Alberta Votes Day 24: Sleeping Arrangements at Minority Motel
Despite a lackluster debate performance by Alison Redford, a pair of post-debate polls show the Wildrose margin down to 7 points. With daily controversies dogging Danielle Smith, there's no guarantee that lead will hold and, even if it does, it's impossible to accurately project what the next legislature will look like.
The first problem with any seat projection is that all polls split Alberta into three regions for reporting purposes - Calgary, Edmonton, and rural Alberta. While that's the most logical cut, just as downtown Calgary and suburban Calgary are two very different entities, lumping Red Deer and Peace River into the "rural Alberta" umbrella masks regional trends.
Moreover, the regional sample sizes in these polls are small, carrying large margins of error. It's not at all surprising to see the PCs up by 4 in Calgary Monday morning, but trailing by 14 come dinner time. Yes, it's possible a Wildrose chinook rolled across the city, but it's more likely we're dealing with the effects of small sample sizes and varying methodologies.
But even if we're lucky enough to get completely accurate polls, extrapolating out seat totals is a fool's errand. Seat projections in the last few federal elections have generally worked well, because we've had a good baseline to work with. If the Liberal vote is down 5 points in Ontario from 2008 to 2011, it's not hard to do the math for each riding. However, the Wildrose Alliance was little more than a protest party last time Albertans went to the polls, so it's counter productive to calculate their 2012 support using their 2008 vote. When a party rises from nothingness, it's extremely difficult to predict vote patterns - there's a reason seat projections showed the NDP winning anywhere from 20 to 70 seats in Quebec last spring, and a reason 308.com projects a Wildrose seat range of between 27 and 74 seats.
Toss in wild 4-way splits in Edmonton, incumbency effects, riding redistricting, and a map skewed to favour rural Alberta, and we're dealing with Alberta's most unpredictable election in a long time.
So the bottom line is we don't know what the next legislature will look like, but if the vote stays close, Alberta's first ever minority government is a distinct posibility. So what happens then?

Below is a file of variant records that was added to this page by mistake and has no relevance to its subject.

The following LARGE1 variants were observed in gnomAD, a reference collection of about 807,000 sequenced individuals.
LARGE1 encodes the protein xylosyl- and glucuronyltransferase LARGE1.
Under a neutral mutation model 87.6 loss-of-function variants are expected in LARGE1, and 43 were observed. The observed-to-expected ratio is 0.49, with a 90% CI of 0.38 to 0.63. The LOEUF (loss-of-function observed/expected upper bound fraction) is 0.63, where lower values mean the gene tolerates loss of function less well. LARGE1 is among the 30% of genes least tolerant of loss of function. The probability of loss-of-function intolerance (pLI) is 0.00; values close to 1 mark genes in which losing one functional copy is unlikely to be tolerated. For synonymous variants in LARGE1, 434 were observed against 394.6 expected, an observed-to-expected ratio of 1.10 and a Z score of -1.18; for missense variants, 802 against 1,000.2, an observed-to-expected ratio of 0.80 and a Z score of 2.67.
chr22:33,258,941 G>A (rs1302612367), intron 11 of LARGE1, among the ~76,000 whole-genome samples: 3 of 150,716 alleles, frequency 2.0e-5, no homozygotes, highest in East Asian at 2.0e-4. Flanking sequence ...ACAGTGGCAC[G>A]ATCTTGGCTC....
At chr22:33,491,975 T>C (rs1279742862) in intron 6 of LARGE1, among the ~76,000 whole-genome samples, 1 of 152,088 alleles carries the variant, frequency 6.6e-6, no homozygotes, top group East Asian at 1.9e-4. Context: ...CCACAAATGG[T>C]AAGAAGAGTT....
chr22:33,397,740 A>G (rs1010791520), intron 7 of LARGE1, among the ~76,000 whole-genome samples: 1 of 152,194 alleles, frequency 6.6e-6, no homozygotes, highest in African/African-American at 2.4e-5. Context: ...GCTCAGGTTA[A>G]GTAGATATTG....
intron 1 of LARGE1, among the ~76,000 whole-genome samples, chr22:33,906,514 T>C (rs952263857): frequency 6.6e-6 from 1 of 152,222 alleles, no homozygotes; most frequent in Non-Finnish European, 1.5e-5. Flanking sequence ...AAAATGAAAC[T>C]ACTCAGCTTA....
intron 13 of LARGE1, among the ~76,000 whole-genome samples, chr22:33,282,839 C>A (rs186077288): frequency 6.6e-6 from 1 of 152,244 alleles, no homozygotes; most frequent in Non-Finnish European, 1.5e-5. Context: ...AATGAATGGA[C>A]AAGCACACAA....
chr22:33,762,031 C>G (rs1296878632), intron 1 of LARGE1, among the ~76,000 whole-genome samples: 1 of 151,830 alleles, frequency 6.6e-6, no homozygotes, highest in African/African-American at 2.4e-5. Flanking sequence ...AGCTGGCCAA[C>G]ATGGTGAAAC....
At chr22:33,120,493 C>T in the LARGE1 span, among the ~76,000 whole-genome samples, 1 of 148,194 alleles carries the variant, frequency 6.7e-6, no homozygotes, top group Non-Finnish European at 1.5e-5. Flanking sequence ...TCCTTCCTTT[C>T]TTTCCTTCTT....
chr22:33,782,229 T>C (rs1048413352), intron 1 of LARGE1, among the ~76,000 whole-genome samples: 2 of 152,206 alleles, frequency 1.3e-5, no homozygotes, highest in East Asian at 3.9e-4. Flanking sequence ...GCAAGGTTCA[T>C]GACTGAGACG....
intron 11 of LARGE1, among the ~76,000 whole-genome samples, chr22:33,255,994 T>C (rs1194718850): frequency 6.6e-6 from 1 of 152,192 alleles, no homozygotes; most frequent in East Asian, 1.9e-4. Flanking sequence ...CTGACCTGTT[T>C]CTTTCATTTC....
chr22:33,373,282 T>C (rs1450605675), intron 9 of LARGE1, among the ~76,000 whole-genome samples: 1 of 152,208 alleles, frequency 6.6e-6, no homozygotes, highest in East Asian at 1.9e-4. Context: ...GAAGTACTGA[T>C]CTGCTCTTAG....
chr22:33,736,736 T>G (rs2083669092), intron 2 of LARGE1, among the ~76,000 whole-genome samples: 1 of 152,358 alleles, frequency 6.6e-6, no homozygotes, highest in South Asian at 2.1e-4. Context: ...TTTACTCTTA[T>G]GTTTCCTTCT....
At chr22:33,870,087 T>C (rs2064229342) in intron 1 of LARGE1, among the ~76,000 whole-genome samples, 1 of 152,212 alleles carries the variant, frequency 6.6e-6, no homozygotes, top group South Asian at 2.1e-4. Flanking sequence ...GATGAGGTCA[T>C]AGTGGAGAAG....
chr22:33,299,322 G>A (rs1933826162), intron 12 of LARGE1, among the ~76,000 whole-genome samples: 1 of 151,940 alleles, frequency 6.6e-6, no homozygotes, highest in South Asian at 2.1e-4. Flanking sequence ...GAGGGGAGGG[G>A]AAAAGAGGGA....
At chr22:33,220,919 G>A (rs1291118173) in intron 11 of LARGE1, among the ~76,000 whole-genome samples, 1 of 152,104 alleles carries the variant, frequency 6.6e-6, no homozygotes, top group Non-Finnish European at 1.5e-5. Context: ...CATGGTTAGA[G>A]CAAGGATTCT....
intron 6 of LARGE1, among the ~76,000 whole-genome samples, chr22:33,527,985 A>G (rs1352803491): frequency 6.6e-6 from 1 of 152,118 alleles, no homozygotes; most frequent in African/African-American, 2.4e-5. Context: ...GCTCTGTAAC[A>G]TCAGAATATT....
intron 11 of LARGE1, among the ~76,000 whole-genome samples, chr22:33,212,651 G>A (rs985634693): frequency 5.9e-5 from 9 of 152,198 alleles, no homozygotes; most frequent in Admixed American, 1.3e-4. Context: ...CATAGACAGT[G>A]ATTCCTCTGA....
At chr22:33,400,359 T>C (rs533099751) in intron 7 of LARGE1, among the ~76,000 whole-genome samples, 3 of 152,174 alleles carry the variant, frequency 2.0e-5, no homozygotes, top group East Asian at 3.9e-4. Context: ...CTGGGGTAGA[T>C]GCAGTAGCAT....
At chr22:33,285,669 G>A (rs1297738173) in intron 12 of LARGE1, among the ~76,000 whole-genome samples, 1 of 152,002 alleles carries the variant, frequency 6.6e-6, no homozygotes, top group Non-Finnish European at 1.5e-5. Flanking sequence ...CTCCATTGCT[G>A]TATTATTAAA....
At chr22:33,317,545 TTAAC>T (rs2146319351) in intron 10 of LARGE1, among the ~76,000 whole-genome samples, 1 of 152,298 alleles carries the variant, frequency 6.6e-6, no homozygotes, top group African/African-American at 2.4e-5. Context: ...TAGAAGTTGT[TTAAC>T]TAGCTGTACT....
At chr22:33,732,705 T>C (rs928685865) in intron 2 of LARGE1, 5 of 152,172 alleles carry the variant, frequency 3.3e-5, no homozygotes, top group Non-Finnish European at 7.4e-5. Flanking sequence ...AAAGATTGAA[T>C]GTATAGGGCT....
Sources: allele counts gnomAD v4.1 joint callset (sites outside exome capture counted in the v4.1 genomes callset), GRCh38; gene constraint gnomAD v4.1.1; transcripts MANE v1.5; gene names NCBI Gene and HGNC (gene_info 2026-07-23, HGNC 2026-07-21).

The first thing to consider is the likelihood of defections. A floor crossing epidemic has spread across Alberta in recent years, so I wouldn't be at all surprised to see a handful of Progressive Conservatives take a step to the right after the election. Few PC MLAs supported Redford when she ran for leader, and she hasn't exactly endeared herself to them over the past month. Many in her caucus share the same Wildrose positions Redford spent the campaign ridiculing, and the prospect of an NDP-supported Redford budget might be too much for them to bear.
Hell, if Smith is only a handful of seats shy of a majority, expect an exodus. PC MLAs have never sat on the opposition benches, and many chose their party colours merely because they saw the PCs as the only avenue to power. It's not like Danielle Smith has her hands full of "Cabinet material" candidates to choose from, so she wouldn't hesitate for a second to offer Cabinet posts to entice one or two Tories across the floor.
But let's assume for a moment that Redford holds the PC ship together - maybe the PCs even find themselves ahead of the Wildrosers. The focus then shifts to the Liberals and NDP, who will likely win 4 to 10 seats between them. The Saskatchewan Liberals found themselves in a similar situation in 1996, and their decision to take Cabinet posts in an NDP government eventually led to the demise of that party. So it was somewhat curious when Liberal leader Raj Sherman began the negotiation process during an online debate yesterday, by asking Smith and Redford if they'd name him Minister of Health.
While I don't think the good doctor will get his wish, nearly everyone I've talked to assumes the PCs would cut some kind of deal with what's left of the left - even if they win fewer seats than the Wildrosers. But I'm not convinced.
The Liberals and NDP have spent decades waiting for the PC empire to crumble and if Smith offers them a deal - say some democratic reform measures and a hold on the more objectionable parts of Wildrose platform - I wouldn't be shocked to see an unholly alliance. After all, seeing the Wildrose Party in power would surely plunge the PCs into infighting and a leadership race.
For the Wildrose Party, the benefits of a deal with the left are obvious - the aforementioned PC chaos, and a chance to govern "non-scarily" thanks to the calming influence of the Liberals and NDP (think Stephen Harper from 2006 to 2011). Keep in mind, Wildrose campaign manager Tom Flanagan has gone on record as stating he saw nothing wrong with Harper's threat to cut a deal with the separatists and socialists in 2004, after winning fewer seats than Paul Martin. Smith sounded like she was laying the groundwork for this type of arrangement during the leaders debate, when she went out of her way to compliment Raj Sherman and talked about how she's been able to work with the NDP in the legislature.
As strange as it may sound, life may soon be imitating the scenes from a satirical 2010 press gallery video, featuring Brian Mason barking orders ("left, left, left") at Danielle Smith and a Wildrose caucus decked out in orange NDP shirts. Hell, the video even features a cameo from then-independent MLA Raj Sherman.